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Old Yesterday, 10:15 PM   #976
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Quote:
ANAKLIA PORT – END OF THE LINE?

The Republic of Georgia’s Anaklia port project looks to be floundering – one of the main partners in the development consortium, US-based Conti Group, has just announced its decision to exit the project while simultaneously the development appears to be threatening Georgia’s reputation as one of the world’s best investment environments (with a top 10 ranking in the World Bank’s annual “Doing Business” survey).

Allegations of crony capitalism surround the project, largely triggered by the Anaklia Development Consortium’s call for deep, and what many parties say is clearly undue, public sector involvement in what is supposed to be a private sector project.

The root of the current problems is, informed sources suggest, the original tender process for the project with questions raised about transparency and undue influence, and overall widely viewed as flawed by sector experts.

The Anaklia Port tender started in 2014. There were only two bidders – the Anaklia Development Consortium (made up of TCB, a Georgian bank, and Conti Group, a US engineering company) and a Chinese consortium (two Chinese engineering companies). This should have been a clear red flag. No established investors/operator active in the international ports sector viewed this opportunity to be a viable project.

So perhaps the Government of Georgia should have shelved the project at this stage and focus edits limited funds elsewhere? Instead, in early 2016 the Georgian-US consortium of TCB Bank and Conti Group was awarded the tender – without any port experience and without the financial ability to carry out the project themselves.

This was very surprising. Worldwide, large scale port tenders always require bidders to meet minimum sector experience and “financial strength” requirements to ensure they can handle a given project. This did not happen in conjunction with Anaklia port – for reasons still not clear. Down the track the negative effects of this are now obvious.

There were other tell-tale signs – notably, in the period since the award of the tender, TCB and Conti Group missed all substantial deadlines to move the project forward. Conti Group’s overall faith in the project is perhaps signposted by its recent decision to exit it entirely? The problem TCB and Conti have faced throughout is not investing any major funds in the project themselves. Instead, they have looked to others to finance the project, but they have been unsuccessful in this quest.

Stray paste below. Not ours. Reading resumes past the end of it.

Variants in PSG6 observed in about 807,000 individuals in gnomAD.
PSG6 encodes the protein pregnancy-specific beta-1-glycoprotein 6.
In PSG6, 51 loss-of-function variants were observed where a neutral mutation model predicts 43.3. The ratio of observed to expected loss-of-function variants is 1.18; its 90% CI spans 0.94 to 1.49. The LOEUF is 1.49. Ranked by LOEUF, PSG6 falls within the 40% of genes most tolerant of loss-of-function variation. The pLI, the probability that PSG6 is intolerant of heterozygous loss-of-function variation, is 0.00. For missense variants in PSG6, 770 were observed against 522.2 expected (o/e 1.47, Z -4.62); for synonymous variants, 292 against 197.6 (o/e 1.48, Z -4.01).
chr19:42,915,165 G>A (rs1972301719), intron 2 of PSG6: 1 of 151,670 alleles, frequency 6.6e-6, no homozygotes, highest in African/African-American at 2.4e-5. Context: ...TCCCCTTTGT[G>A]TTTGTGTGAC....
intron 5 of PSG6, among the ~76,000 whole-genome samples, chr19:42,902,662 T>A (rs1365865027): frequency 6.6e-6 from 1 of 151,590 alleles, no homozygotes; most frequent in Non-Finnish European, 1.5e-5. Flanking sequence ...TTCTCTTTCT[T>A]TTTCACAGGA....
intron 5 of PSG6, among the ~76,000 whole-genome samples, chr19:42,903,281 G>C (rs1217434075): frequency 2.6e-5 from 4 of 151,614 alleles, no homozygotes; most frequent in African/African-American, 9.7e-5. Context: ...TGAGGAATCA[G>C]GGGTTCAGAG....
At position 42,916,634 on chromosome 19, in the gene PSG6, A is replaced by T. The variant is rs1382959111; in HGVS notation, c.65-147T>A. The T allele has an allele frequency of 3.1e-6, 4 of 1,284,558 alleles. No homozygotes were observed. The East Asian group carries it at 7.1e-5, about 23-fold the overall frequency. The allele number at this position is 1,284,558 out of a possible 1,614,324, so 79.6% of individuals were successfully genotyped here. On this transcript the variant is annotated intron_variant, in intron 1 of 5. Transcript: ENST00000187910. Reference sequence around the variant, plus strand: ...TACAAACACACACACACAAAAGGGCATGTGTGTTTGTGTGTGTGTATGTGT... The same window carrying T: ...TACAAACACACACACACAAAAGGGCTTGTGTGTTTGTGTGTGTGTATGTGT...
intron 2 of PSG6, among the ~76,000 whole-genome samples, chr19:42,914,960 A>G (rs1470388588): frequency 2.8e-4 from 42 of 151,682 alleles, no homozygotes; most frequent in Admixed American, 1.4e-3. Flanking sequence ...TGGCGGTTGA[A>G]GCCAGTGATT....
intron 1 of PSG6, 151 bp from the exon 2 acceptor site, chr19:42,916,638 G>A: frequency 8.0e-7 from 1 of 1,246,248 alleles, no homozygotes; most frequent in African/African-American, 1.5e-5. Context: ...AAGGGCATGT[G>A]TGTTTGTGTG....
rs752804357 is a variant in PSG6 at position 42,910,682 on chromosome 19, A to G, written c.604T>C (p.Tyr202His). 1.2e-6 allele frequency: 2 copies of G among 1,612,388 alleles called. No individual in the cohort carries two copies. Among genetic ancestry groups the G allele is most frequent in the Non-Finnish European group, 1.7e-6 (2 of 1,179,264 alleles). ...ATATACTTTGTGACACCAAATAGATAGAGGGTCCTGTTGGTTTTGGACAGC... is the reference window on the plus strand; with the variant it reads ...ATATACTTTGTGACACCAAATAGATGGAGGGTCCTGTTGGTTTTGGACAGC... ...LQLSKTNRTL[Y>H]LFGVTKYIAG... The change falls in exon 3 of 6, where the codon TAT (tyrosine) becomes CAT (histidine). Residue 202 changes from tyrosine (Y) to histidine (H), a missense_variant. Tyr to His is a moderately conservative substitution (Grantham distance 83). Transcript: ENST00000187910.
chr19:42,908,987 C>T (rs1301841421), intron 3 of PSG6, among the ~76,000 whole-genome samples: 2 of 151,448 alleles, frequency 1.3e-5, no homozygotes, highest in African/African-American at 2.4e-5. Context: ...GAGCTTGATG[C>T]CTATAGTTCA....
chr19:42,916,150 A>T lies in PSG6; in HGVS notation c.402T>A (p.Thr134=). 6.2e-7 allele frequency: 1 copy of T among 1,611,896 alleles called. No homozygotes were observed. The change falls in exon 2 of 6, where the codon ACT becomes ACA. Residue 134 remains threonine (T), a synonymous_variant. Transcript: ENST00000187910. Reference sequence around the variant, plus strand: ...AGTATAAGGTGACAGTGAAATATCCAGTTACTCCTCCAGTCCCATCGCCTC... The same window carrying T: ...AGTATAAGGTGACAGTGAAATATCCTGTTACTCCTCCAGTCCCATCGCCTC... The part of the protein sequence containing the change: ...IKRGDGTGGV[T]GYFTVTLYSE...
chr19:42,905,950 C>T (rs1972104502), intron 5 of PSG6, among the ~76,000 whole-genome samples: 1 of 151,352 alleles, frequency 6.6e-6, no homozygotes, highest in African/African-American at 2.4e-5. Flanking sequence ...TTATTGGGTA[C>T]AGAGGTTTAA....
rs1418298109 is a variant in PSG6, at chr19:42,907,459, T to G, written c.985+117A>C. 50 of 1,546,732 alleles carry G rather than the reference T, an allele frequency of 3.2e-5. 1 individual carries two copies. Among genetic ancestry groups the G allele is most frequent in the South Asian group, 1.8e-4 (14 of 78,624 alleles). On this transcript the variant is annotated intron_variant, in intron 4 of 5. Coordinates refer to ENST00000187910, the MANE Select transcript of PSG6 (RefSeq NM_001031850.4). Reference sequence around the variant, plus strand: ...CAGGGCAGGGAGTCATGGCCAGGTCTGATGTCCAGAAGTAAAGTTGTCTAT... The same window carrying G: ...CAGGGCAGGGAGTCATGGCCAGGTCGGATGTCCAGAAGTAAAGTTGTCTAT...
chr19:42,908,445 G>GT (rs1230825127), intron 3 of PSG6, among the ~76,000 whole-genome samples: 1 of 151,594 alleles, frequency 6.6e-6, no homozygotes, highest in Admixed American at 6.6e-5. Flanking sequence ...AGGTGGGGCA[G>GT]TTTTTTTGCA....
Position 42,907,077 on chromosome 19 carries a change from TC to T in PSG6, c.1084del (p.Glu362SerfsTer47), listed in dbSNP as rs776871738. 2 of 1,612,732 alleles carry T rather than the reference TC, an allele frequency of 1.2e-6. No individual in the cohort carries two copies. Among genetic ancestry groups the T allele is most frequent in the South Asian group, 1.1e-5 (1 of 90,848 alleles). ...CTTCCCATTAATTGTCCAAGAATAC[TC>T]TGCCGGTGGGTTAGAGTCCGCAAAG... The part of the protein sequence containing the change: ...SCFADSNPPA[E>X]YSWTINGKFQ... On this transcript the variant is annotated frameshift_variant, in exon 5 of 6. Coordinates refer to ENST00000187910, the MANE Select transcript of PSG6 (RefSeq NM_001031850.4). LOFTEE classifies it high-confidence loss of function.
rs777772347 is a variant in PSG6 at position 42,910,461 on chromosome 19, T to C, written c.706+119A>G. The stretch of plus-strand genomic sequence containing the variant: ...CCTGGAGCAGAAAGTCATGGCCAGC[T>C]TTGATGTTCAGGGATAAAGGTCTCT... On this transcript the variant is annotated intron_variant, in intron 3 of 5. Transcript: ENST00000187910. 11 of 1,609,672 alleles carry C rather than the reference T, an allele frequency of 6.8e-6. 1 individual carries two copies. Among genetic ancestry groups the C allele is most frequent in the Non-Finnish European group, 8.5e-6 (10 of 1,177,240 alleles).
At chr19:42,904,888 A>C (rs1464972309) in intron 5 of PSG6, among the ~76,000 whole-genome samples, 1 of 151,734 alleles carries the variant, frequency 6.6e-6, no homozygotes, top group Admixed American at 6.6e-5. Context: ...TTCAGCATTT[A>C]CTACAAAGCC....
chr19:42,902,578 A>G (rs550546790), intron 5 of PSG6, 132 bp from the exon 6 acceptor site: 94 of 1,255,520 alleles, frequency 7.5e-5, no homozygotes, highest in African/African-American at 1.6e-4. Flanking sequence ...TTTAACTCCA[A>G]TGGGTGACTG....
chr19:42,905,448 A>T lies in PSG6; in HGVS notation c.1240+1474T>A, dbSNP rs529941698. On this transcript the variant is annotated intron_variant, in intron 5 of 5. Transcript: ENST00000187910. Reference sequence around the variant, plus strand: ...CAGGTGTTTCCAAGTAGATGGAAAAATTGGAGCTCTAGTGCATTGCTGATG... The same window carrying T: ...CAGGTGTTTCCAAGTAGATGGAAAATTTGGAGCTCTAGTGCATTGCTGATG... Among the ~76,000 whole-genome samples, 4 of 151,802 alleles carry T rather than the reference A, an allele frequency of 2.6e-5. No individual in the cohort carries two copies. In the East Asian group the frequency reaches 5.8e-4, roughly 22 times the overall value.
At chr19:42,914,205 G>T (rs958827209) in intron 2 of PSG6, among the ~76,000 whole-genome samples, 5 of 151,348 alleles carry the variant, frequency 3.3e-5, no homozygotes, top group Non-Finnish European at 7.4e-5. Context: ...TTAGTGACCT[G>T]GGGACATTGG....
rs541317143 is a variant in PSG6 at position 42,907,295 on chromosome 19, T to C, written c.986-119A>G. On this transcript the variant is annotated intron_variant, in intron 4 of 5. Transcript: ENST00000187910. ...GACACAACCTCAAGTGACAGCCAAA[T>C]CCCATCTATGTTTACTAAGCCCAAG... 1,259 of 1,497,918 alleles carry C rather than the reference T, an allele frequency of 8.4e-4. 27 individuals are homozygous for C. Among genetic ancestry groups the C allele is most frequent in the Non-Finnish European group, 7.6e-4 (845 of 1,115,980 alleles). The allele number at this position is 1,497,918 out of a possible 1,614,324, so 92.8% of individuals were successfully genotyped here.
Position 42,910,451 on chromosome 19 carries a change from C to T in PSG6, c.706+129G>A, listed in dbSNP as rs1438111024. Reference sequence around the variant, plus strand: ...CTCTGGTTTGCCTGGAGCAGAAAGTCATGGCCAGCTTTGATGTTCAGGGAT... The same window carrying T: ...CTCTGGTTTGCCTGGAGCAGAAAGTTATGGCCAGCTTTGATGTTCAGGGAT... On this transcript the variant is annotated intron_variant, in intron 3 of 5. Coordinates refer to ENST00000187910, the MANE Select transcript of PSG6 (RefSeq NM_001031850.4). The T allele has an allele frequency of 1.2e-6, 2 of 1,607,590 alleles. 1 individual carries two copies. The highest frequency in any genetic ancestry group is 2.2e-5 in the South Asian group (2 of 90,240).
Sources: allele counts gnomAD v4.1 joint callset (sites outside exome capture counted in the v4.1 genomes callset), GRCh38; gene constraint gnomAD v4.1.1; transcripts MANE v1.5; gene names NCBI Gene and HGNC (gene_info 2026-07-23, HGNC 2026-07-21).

RISK OF UNDUE STATE INVOLVEMENT

To overcome what seems like intractable problems for a purely private sector initiative, the Consortium has attempted to increase the involvement of the Government of Georgia, to a point where the specter of crony capitalism raises its head. This approach has involved three key objectives each of which has a clear association with crony capitalism. They are:

Government to guarantee the financing of the project: TCB and Conti approached the Government to guarantee the loans made to TCB and Conti Group to build the port. So, in case TCB and Conti cannot repay its loans, the Government of Georgia would step in and repay for them. The Government, rightly, refused this highly inappropriate demand.

Exclusivity: The Consortium asked the Government for an exclusivity period for Anaklia Port during which neither Poti nor Batumi ports would be allowed to construct deep-water quays. This would be clear and undue government intervention to favour one private party over others.

A “strategic” project: TCB and Conti initiated a process to lobby politicians in Georgia and the US, arguing that the project is “strategic”. Practically speaking, this is shorthand for “not commercially viable” and requiring government subsidies for “geo-political” reasons. It remains unclear, however, why Anaklia Port is geo-politically important given that Georgia already has a major international port only 30 kilometres away.

The short history of the Anaklia port project has been a chequered one. The chain of events to-date, and ultimately the questionable demand for the project, suggest it is time the Georgian authorities re-evaluated its worth.
https://www.portstrategy.com/news101...nd-of-the-line